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It does look a bit more crystalline in the magnified image. I'd say it is
probably a by-product of the deterioration of the urethane binder, or
possibly the remnant of lubricant or release compounds used in the
manufacture of the tape. I've seen similar deposits on other formats,
although more obviously crystalline to the naked eye.

Steve

Steve Greene
Audiovisual Archivist
Office of Presidential Libraries
National Archives and Records Administration
(301) 837-1772


On Thu, Jul 24, 2014 at 8:34 AM, Karl Fitzke <[log in to unmask]>
wrote:

> Tom,
>
> Thanks very much for your continued interest and suggestions.  Same goes
> for George Blood, Richard Hess, Malcolm Rockwell, Seva at soundcurrent, Tre
> Berney, and Steve Green.
>
> I can't find out anything about the long term storage of this tape.  Will
> ask archivists where it was made later today.  I really should learn how to
> use our Accessions program myself! Interesting to note on Byne's disease
> wikipedia page that wood esters could cause that.  Perhaps left in a wooden
> drawer or case for many years?
>
> We are trying to get access to mass spectrometry at Cornell and nail down
> the chemical composition.
>
> Then we'll clean some and try playing them.  Will be interested to see if
> salt is only at edges of tape or growing on surface as well.  So far, I've
> only tried to lightly brush some of the stuff off (dry) with little to
> moderate success.  Isoprop, as you suggest, may likely be the next step.
>
> -Karl
>
> On 7/23/14 8:32 PM, Tom Fine wrote:
>
>> Hi Karl:
>>
>> Do you know the history of this tape? Was it made in a rain forest or
>> some other extreme environment? Maybe stored someplace very humid for some
>> period of time? I'm wondering if there was a reaction between the slip
>> sheet and the tape, which caused salt crystals to form.
>>
>> My suggestion -- carefully scrape off some of the white stuff, and keep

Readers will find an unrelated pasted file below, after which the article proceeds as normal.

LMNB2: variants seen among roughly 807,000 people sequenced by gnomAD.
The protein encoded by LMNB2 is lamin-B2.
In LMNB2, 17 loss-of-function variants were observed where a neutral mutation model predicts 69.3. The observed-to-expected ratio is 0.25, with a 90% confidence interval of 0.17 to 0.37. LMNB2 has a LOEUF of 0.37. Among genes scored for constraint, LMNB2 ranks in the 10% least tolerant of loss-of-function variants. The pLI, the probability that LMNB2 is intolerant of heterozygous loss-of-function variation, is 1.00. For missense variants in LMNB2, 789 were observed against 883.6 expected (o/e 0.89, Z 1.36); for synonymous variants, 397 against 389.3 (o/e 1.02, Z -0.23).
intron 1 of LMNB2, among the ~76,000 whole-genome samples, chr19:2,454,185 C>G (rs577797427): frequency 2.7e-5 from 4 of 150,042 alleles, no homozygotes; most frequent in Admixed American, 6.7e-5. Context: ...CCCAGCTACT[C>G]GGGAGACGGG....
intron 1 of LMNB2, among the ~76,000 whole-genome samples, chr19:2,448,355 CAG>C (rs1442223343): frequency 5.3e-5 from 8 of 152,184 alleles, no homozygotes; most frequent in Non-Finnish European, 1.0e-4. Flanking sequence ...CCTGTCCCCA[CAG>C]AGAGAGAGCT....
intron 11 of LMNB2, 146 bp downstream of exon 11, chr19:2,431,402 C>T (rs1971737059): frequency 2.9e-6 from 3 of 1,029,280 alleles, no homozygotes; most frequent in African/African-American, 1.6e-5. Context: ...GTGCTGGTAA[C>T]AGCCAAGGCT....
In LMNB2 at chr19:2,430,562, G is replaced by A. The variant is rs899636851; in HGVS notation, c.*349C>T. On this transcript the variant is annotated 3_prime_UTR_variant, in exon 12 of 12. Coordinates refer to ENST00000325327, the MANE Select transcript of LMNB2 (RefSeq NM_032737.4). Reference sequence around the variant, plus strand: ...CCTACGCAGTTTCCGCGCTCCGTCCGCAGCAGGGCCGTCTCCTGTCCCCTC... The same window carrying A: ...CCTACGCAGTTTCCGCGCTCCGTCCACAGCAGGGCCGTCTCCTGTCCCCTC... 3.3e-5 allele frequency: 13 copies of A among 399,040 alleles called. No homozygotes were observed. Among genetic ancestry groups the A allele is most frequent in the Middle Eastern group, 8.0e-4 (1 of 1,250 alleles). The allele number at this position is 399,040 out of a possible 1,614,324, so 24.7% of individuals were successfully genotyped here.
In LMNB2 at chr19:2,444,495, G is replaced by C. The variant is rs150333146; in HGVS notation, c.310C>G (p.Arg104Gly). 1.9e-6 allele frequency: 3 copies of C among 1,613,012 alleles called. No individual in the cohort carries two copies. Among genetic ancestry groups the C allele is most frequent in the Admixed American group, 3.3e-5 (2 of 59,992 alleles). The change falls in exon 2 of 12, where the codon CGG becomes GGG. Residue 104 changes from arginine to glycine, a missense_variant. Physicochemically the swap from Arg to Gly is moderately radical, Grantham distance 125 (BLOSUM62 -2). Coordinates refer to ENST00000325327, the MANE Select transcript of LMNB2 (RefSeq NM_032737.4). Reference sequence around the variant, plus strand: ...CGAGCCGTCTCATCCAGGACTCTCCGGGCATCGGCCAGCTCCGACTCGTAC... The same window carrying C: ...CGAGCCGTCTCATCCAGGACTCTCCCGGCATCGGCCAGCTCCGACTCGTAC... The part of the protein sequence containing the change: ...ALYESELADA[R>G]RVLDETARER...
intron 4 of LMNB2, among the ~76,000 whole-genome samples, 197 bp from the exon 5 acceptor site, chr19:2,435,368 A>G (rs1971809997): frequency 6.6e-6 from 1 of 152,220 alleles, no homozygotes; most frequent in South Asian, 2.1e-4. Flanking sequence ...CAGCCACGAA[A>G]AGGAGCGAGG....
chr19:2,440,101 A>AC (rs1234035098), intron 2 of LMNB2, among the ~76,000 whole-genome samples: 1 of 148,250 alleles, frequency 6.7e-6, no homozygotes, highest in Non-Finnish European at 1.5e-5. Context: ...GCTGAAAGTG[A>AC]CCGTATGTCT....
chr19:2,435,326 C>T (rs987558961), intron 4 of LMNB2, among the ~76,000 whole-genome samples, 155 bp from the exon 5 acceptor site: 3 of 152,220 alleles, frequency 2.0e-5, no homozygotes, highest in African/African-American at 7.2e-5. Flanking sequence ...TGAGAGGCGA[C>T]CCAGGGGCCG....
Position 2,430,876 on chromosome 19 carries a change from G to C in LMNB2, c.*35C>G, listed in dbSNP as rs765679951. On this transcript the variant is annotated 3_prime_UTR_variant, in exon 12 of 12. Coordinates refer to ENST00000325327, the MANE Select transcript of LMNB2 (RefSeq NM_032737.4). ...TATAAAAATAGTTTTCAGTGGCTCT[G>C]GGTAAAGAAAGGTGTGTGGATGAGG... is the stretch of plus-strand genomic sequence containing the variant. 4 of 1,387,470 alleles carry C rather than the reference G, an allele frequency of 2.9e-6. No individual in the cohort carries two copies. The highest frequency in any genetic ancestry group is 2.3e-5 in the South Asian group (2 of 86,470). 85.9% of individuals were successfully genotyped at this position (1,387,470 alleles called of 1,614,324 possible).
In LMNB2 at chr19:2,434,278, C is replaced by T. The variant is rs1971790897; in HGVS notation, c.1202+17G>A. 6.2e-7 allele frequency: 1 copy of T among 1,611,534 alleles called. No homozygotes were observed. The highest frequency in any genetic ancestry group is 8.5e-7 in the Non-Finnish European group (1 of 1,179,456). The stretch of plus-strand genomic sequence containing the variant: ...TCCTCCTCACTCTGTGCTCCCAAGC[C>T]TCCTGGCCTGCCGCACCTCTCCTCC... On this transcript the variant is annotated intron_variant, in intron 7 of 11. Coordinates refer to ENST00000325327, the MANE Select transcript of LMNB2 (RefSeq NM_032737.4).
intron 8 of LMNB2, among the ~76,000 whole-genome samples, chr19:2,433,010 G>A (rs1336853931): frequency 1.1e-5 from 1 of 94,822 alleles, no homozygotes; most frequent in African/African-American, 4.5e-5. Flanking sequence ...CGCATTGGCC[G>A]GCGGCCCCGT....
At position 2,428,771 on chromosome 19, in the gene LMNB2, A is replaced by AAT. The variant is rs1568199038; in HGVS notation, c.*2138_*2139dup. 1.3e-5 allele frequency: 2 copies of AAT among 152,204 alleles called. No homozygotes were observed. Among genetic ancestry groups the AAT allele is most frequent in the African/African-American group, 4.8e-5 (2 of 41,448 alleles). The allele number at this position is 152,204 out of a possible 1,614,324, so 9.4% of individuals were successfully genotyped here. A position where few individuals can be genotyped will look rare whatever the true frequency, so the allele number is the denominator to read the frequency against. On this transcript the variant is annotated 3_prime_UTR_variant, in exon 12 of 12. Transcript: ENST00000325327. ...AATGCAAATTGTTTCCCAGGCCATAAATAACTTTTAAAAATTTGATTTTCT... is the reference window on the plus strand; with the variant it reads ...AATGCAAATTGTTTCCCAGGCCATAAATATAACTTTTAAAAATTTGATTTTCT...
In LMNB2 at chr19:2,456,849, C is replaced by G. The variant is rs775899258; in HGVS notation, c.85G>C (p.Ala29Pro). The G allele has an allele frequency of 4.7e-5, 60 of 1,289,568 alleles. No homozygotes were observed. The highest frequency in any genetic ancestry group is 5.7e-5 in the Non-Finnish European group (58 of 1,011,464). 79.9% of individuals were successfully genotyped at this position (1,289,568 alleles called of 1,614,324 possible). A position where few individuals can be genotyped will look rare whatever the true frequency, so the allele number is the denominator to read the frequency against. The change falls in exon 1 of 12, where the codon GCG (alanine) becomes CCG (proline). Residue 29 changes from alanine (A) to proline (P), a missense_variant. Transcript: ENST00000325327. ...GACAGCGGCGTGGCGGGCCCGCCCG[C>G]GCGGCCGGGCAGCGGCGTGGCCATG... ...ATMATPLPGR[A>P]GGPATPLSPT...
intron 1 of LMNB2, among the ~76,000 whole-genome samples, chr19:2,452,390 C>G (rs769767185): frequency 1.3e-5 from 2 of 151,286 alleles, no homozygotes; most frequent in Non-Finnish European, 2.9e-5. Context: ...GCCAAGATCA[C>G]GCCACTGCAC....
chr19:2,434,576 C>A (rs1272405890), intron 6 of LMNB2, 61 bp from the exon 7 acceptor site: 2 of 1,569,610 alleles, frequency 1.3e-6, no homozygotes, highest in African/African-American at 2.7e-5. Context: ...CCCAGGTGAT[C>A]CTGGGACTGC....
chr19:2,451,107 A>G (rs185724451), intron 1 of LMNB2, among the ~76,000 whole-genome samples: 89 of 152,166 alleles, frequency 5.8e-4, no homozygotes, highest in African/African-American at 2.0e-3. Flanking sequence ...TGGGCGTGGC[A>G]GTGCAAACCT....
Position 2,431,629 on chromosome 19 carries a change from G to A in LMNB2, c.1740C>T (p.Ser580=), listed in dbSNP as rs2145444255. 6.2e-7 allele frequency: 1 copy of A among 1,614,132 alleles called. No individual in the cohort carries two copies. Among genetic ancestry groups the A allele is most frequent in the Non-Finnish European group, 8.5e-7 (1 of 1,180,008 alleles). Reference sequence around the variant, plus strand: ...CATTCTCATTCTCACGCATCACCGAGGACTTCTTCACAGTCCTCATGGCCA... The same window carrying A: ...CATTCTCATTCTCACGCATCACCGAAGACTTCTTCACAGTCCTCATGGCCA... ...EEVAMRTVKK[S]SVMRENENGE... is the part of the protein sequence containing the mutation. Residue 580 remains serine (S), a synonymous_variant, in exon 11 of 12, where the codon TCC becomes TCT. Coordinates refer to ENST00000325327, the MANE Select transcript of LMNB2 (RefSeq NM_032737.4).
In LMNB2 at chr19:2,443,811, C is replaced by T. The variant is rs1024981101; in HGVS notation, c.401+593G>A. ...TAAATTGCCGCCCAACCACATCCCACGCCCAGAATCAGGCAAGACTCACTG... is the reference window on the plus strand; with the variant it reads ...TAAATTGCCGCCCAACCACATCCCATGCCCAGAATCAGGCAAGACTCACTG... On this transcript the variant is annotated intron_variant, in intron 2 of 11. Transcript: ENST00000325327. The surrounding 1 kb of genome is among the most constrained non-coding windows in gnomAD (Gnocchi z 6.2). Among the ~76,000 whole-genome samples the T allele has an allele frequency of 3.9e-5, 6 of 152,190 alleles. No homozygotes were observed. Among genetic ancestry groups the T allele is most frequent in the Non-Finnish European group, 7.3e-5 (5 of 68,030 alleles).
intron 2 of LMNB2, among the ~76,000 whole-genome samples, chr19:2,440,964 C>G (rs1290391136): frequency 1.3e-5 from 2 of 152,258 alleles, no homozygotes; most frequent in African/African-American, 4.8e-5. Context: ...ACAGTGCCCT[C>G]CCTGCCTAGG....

>> the slip pad. Then, carefully clean the outside of the tape pack with
>> isoprop and re-shell the tape. Then, make your transfers. My bet is, the
>> tape will play just fine. There might be some crud on the heads or, more
>> likely, the pinchroller.
>>
>> Separately, get one of your Cornell colleagues to do some chemistry
>> research on the white stuff you scraped off. It would be interesting to
>> know exactly what it is, and hear a chemist's speculation on what produced
>> it.
>>
>> -- Tom Fine
>>
>> ----- Original Message ----- From: "Karl Fitzke" <[log in to unmask]
>> >
>> To: <[log in to unmask]>
>> Sent: Wednesday, July 23, 2014 7:17 PM
>> Subject: [ARSCLIST] White Tape Contaminant Part 2 corrected photo link
>>
>>
>>  Sorry, I sent the wrong photo link earlier this afternoon and you were
>>> likely locked out.
>>>
>>> Please try this:
>>>
>>> https://cornell.box.com/s/rafx7ue412ylu7svl0j6
>>>
>>> Best wishes,
>>> Karl
>>>
>>> --
>>>
>>> Karl Fitzke
>>> Audio Engineer
>>> Macaulay Library
>>> Cornell Lab of Ornithology
>>> 159 Sapsucker Woods Road
>>> Ithaca, NY 14850
>>>
>>> 607-254-1100
>>>
>>> [log in to unmask]
>>>
>>> Our Mission:
>>> To interpret and conserve the Earth's biological diversity through
>>> research, education, and citizen science focused on birds.
>>>
>>>
>>>
> --
>
> Karl Fitzke
> Audio Engineer
> Macaulay Library
> Cornell Lab of Ornithology
> 159 Sapsucker Woods Road
> Ithaca, NY 14850
>
> 607-254-1100
>
> [log in to unmask]
>
> Our Mission:
> To interpret and conserve the Earth's biological diversity through
> research, education, and citizen science focused on birds.
>